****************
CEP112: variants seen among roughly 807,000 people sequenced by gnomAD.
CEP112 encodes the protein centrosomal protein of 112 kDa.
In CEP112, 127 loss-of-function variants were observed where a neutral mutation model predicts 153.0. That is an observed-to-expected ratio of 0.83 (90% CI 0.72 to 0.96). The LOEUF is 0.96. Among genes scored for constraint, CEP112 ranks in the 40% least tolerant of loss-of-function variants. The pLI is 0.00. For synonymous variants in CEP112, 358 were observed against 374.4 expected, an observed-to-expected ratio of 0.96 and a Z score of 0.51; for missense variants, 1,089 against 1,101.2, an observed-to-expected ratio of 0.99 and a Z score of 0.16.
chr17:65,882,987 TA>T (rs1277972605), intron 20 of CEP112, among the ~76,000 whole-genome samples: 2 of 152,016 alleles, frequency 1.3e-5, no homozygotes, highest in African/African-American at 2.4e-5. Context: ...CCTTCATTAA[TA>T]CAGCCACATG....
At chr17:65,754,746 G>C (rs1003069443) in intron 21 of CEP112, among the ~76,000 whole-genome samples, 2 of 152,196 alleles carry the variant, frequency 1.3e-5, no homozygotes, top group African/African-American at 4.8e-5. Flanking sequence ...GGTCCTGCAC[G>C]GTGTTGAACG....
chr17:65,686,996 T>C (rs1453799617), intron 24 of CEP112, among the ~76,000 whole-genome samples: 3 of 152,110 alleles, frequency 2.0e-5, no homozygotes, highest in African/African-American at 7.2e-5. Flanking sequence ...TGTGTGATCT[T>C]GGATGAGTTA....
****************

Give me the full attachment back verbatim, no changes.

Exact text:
CEP112: variants seen among roughly 807,000 people sequenced by gnomAD.
CEP112 encodes the protein centrosomal protein of 112 kDa.
In CEP112, 127 loss-of-function variants were observed where a neutral mutation model predicts 153.0. That is an observed-to-expected ratio of 0.83 (90% CI 0.72 to 0.96). The LOEUF is 0.96. Among genes scored for constraint, CEP112 ranks in the 40% least tolerant of loss-of-function variants. The pLI is 0.00. For synonymous variants in CEP112, 358 were observed against 374.4 expected, an observed-to-expected ratio of 0.96 and a Z score of 0.51; for missense variants, 1,089 against 1,101.2, an observed-to-expected ratio of 0.99 and a Z score of 0.16.
chr17:65,882,987 TA>T (rs1277972605), intron 20 of CEP112, among the ~76,000 whole-genome samples: 2 of 152,016 alleles, frequency 1.3e-5, no homozygotes, highest in African/African-American at 2.4e-5. Context: ...CCTTCATTAA[TA>T]CAGCCACATG....
At chr17:65,754,746 G>C (rs1003069443) in intron 21 of CEP112, among the ~76,000 whole-genome samples, 2 of 152,196 alleles carry the variant, frequency 1.3e-5, no homozygotes, top group African/African-American at 4.8e-5. Flanking sequence ...GGTCCTGCAC[G>C]GTGTTGAACG....
chr17:65,686,996 T>C (rs1453799617), intron 24 of CEP112, among the ~76,000 whole-genome samples: 3 of 152,110 alleles, frequency 2.0e-5, no homozygotes, highest in African/African-American at 7.2e-5. Flanking sequence ...TGTGTGATCT[T>C]GGATGAGTTA....